It doesn’t matter what it is that releases CO2 into gas form in the atmosphere; release it on a large scale, for any reason—geological, glaciological, or human caused—and climate will warm.  It does it on Venus, on Mars, and on Earth and would do it on any planet in the Universe. There will always be other things that cool climate, warm it, dry it, or moisten it, and some of those are related to greenhouse gases, and some are not.  But the biggie by far for climate change on Earth is CO2 abundance.  This is fact, not politics; it’s reality, not wishes; it’s physics, not metaphysics. 

Some life flourished during those hothouse times of the distant past.  Indeed, high carbon dioxide and warm temperatures yielded an abundance of life and high biological productivity.  The fossil record states as much, as do major hydrocarbon deposits (oil, shale oil, coal, peat, and conventional natural gas) owing their origins to life thriving (and dying) during the Cretaceous hothouse golden age of dinosaurs and coal-making forests, and during some of the early Cenozoic times of rapidly diversifying mammals and productive, shallow seas.  So to state that the IPCC errs on the side of a conservative assessment of our CO2 emissions and climate trajectories, and that hothouse levels of CO2 may be in store for us the way things are going, is not entirely a doomsday story; some genera and families, orders and classes of organisms may indeed be doomed and others blessed.  It would be the Sixth Extinction, but that may herald something like a Triassic Park Earth, eventually with a flourishing of life such as that which developed after the Permian mass extinction.  Could humans be a part of Earth’s surviving biota in that case?  At the milder end of possibilities, if the IPCC is closer to being right, maybe civilization can prosper and we just deal with Savannah, Georgia and the Mekong Delta being inundated and Tuvalu disappearing under the waves. (Please pardon my understatements.)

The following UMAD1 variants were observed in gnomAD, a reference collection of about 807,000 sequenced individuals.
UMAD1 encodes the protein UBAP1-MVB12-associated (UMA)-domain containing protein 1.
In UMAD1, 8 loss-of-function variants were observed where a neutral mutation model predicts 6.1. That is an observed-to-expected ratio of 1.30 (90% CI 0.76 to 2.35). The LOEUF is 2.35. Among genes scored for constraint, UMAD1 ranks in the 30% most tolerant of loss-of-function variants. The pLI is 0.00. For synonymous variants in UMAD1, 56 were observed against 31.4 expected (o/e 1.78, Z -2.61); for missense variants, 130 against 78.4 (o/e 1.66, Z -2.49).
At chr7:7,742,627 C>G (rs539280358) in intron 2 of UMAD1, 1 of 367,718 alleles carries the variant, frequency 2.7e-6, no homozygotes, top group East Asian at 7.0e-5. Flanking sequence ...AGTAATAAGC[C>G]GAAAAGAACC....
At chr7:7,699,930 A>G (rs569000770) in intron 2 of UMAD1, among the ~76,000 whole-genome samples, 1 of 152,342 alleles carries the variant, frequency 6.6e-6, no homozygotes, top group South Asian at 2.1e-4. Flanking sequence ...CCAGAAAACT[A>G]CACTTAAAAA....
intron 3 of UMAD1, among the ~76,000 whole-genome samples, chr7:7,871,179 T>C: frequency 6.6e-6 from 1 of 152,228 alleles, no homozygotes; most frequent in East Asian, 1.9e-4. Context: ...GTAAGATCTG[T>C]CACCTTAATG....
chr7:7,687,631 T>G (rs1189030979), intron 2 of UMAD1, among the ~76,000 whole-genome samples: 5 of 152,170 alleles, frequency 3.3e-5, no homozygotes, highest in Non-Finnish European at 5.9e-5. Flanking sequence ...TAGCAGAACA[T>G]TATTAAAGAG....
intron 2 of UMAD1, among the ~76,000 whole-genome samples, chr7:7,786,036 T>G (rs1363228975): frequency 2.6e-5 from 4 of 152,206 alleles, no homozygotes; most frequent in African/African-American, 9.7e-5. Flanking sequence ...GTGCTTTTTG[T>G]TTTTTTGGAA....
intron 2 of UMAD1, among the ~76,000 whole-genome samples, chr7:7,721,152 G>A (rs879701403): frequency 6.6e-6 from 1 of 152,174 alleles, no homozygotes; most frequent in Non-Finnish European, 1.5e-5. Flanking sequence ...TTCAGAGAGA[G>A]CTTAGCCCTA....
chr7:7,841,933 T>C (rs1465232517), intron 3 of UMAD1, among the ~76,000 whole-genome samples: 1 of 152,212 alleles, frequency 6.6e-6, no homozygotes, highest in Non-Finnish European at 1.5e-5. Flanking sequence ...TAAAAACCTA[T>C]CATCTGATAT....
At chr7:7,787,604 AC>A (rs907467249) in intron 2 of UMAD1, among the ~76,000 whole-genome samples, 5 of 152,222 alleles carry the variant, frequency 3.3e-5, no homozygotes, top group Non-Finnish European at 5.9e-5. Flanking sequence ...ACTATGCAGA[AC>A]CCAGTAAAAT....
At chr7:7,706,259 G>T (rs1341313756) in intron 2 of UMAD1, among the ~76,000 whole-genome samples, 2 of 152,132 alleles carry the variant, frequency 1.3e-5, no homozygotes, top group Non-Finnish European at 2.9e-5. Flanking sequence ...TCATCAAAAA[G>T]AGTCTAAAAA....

It is not clear whether a full hothouse Earth or simply the warmest-ever interglacial is in store for Earth, with present trajectories on greenhouse gases; those two pretty much bracket the possibilities.  The IPCC climate scenarios are biased (scientifically biased; I don’t mean prejudicially) toward the milder of the possibilities.  Either extreme of climate sensitivities will be highly consequential for humans (already is consequential, as the news makes clear), and either one will stress global civilization potentially to a breaking point.  On the other hand, I would not dismiss the possibility that clever and wise humans would be able to take our present mistakes, deal with the climate consequences, and develop the means to thrive even through the worst scenarios.  I simply don’t know what we are capable doing, either for our betterment or our demise; whereas I do know that we are clever, I do not know whether we, collectively, are wise; evidence seems to indicate that we—the winners of ruthless competition– are not a wise species, but so far merely clever, physically robust, and lucky.

One can view those hothouse times of elevated CO2 as good times—good for those species where a hothouse Earth is helpful, say for example, if you’re a giant dragonfly or an aquatic reptile or a central Amazon basin floodplain forest tree.  For those now living who are adapted to colder conditions, sharply elevating atmospheric CO2 would not seem to bear good news. 

That brings up the matter of humans; all human and closely related species evolved over the last couple million years under conditions of alternating glacials and interglacials; we are a product of ice ages that stressed us to the limit of survival, and interglacials that allowed us to spread and multiply. Humans were the best of all in adapting quickly to rapidly changing environments.   Whereas civilization arose during the present interglacial, humans (and notably, Caucasians), are not adapted to hothouse conditions. To be sure, there will be winners as well as losers as we move closer to hothouse conditions.  Warming may help maple sugar producers in Quebec, mango farmers in Florida, intercontinental shippers interested in moving goods through the Arctic’s long-sought Northwest Passage, and mosquitoes and cockroaches across most of Earth’s land surface. But overall, Earth tending toward a hothouse could not be helpful for a species, such as ourselves, whose physiology and ecology is adapted to glacials and standard interglacials.